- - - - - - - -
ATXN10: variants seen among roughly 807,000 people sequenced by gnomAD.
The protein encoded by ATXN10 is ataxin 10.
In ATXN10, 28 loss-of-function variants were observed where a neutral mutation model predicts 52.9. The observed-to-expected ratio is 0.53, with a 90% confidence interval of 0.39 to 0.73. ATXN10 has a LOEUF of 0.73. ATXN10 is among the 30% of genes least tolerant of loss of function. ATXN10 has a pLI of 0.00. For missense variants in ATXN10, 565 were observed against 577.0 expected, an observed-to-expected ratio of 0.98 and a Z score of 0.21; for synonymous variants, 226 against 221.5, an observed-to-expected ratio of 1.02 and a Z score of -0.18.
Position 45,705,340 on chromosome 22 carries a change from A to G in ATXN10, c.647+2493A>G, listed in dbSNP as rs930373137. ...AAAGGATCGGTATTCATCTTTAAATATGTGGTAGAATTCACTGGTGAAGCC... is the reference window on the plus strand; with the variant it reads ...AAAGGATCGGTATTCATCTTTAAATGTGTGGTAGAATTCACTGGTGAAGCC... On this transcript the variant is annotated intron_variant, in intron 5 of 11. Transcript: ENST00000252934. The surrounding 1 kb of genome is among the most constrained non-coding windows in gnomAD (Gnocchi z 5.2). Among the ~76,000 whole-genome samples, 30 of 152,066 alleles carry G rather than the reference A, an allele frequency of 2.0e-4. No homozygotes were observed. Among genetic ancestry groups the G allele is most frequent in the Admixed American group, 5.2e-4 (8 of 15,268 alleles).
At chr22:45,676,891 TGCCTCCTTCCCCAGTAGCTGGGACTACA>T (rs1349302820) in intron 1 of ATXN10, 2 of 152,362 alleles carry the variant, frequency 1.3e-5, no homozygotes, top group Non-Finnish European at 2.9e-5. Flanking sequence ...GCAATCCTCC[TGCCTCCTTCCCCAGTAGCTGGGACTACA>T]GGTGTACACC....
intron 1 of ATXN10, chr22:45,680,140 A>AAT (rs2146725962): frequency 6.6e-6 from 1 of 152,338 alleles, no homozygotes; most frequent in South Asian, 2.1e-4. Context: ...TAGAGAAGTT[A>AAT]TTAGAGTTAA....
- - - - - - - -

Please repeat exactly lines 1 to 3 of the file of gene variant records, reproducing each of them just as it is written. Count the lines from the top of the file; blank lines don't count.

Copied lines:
ATXN10: variants seen among roughly 807,000 people sequenced by gnomAD.
The protein encoded by ATXN10 is ataxin 10.
In ATXN10, 28 loss-of-function variants were observed where a neutral mutation model predicts 52.9. The observed-to-expected ratio is 0.53, with a 90% confidence interval of 0.39 to 0.73. ATXN10 has a LOEUF of 0.73. ATXN10 is among the 30% of genes least tolerant of loss of function. ATXN10 has a pLI of 0.00. For missense variants in ATXN10, 565 were observed against 577.0 expected, an observed-to-expected ratio of 0.98 and a Z score of 0.21; for synonymous variants, 226 against 221.5, an observed-to-expected ratio of 1.02 and a Z score of -0.18.